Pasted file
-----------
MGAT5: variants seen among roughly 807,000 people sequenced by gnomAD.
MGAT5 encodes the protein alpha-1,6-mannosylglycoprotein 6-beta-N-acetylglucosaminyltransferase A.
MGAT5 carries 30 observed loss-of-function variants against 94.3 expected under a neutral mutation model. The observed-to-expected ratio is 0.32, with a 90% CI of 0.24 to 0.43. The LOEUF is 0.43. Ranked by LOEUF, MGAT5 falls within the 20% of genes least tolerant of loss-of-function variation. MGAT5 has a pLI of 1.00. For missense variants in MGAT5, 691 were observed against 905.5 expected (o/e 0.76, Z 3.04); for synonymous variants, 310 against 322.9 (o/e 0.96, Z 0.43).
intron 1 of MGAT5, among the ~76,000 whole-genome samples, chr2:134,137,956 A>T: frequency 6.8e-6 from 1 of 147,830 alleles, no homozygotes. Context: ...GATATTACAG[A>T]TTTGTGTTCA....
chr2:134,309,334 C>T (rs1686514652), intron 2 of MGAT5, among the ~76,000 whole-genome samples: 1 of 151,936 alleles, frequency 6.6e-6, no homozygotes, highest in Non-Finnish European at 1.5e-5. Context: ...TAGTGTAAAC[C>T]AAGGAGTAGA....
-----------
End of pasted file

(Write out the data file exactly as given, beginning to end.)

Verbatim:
MGAT5: variants seen among roughly 807,000 people sequenced by gnomAD.
MGAT5 encodes the protein alpha-1,6-mannosylglycoprotein 6-beta-N-acetylglucosaminyltransferase A.
MGAT5 carries 30 observed loss-of-function variants against 94.3 expected under a neutral mutation model. The observed-to-expected ratio is 0.32, with a 90% CI of 0.24 to 0.43. The LOEUF is 0.43. Ranked by LOEUF, MGAT5 falls within the 20% of genes least tolerant of loss-of-function variation. MGAT5 has a pLI of 1.00. For missense variants in MGAT5, 691 were observed against 905.5 expected (o/e 0.76, Z 3.04); for synonymous variants, 310 against 322.9 (o/e 0.96, Z 0.43).
intron 1 of MGAT5, among the ~76,000 whole-genome samples, chr2:134,137,956 A>T: frequency 6.8e-6 from 1 of 147,830 alleles, no homozygotes. Context: ...GATATTACAG[A>T]TTTGTGTTCA....
chr2:134,309,334 C>T (rs1686514652), intron 2 of MGAT5, among the ~76,000 whole-genome samples: 1 of 151,936 alleles, frequency 6.6e-6, no homozygotes, highest in Non-Finnish European at 1.5e-5. Context: ...TAGTGTAAAC[C>T]AAGGAGTAGA....